If you’re a marketer, what percentage of your spend should be allocated to emerging channels, e.g. social media and mobile platforms? And within those channels, how should investments be directed? Instead of giving in to the most persistent sales person or using a dartboard to randomly make decisions, adapt an approach from financial services.
Budget allocation is the process of spreading your spend among different engagement channels. Different media react to changing market conditions in different ways. Neither diversification nor budget allocation ensures a profit or guarantees against loss.
According to Fidelity, there are three key considerations in asset allocation:
- Unique financial situation
- Comfort with investment risk and flexibility
- Retirement goals and time frame
Which can be roughly converted into:
- Your company, unit, and personal skills and budget
- Corporate risk tolerance and appetite for innovation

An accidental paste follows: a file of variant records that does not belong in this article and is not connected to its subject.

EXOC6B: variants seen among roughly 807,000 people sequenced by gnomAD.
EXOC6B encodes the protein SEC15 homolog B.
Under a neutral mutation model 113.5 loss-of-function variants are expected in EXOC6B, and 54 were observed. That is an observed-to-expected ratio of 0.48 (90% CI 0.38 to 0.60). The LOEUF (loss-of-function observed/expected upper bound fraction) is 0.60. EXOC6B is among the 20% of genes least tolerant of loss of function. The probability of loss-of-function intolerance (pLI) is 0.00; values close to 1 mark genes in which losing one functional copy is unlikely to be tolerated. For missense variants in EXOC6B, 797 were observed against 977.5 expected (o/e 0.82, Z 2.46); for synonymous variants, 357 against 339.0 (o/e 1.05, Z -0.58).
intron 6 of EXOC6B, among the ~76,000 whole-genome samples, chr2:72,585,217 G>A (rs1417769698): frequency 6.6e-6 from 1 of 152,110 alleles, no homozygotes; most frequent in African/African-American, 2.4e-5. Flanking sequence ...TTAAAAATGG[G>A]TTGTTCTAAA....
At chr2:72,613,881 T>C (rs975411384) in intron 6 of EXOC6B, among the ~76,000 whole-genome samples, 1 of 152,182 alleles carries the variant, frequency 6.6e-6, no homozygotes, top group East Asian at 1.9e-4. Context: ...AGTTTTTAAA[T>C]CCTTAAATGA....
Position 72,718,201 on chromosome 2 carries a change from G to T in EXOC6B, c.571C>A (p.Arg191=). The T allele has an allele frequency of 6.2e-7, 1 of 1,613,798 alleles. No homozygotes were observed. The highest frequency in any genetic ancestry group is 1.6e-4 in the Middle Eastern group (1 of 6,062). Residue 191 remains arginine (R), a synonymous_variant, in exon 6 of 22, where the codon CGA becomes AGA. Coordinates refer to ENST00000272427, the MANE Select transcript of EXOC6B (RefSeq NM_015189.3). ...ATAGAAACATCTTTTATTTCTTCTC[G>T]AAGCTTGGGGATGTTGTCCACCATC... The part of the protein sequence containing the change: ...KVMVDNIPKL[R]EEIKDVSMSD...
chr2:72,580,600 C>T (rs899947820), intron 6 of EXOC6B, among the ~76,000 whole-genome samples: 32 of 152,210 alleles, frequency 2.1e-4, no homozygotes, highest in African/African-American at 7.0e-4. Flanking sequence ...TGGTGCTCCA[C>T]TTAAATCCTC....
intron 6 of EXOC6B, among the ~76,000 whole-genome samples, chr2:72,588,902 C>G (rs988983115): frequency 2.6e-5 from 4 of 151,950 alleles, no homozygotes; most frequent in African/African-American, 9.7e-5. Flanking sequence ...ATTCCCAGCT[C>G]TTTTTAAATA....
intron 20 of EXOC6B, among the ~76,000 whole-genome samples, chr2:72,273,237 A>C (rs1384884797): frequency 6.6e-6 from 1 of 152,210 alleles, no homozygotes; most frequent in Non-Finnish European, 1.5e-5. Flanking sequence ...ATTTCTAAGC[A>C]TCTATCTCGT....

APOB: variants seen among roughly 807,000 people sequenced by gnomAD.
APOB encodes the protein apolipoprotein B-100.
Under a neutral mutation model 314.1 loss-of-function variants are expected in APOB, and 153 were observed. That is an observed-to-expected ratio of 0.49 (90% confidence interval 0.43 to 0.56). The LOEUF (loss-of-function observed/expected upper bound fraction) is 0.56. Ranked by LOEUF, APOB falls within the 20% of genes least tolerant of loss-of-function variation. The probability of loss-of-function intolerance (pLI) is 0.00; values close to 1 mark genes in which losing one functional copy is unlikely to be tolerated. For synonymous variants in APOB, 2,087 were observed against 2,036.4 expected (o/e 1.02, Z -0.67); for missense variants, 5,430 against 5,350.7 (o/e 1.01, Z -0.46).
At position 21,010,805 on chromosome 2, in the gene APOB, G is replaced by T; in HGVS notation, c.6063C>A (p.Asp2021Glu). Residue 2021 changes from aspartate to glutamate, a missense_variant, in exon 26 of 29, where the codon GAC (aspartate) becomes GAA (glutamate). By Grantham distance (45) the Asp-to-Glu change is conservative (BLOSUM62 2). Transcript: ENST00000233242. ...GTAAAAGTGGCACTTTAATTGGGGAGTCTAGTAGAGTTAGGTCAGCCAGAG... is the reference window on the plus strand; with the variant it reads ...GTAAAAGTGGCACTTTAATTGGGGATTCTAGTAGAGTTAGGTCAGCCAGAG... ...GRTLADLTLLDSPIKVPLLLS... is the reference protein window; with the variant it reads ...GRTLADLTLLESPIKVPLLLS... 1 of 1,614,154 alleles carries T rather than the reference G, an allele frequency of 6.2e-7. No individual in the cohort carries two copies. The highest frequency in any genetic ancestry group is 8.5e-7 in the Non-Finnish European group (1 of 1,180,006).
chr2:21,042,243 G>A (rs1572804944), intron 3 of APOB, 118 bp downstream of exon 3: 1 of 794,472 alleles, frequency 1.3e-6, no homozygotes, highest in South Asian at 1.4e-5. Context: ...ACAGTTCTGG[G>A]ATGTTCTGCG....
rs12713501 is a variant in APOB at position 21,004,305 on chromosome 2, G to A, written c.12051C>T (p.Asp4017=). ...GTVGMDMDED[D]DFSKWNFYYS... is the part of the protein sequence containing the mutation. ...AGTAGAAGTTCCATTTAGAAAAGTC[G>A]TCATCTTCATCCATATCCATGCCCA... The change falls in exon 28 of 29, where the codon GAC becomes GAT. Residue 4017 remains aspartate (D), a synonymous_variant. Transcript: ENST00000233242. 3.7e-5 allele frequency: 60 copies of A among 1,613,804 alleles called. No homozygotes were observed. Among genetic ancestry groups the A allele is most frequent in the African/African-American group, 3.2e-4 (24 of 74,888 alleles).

- Business goals and measurement intervals
Those factors are unique to each marketer in a particular role. For example, you could quit today to go work for your nearest competitor and all three factors would be at least slightly different. Another way to look at the combination on aggregate would be as the basis for strategic positioning.
So with your personal situation in mind, next comes the asset allocation. We can use high-level asset classes similar to the the Fidelity example:
- Bonds = traditional media
- Domestic stock = digital media
- Foreign stock = social media
- Short-term investments = cash reserve providing flexibility to quickly boost positions in any of the three
A certain amount of risk is necessary for any portfolio to grow; conversely, too much risk puts brands and careers in jeopardy. There is a marketing equivalent of the collateralized debt obligation – promotions giving away free stuff with no value capture plan.
If you’re not in the marketing department and understand what I’ve outlined here – be suspicious of what’s going on if you see your brand’s portfolio wildly out of balance. Black swans make for good movies, not corporate events.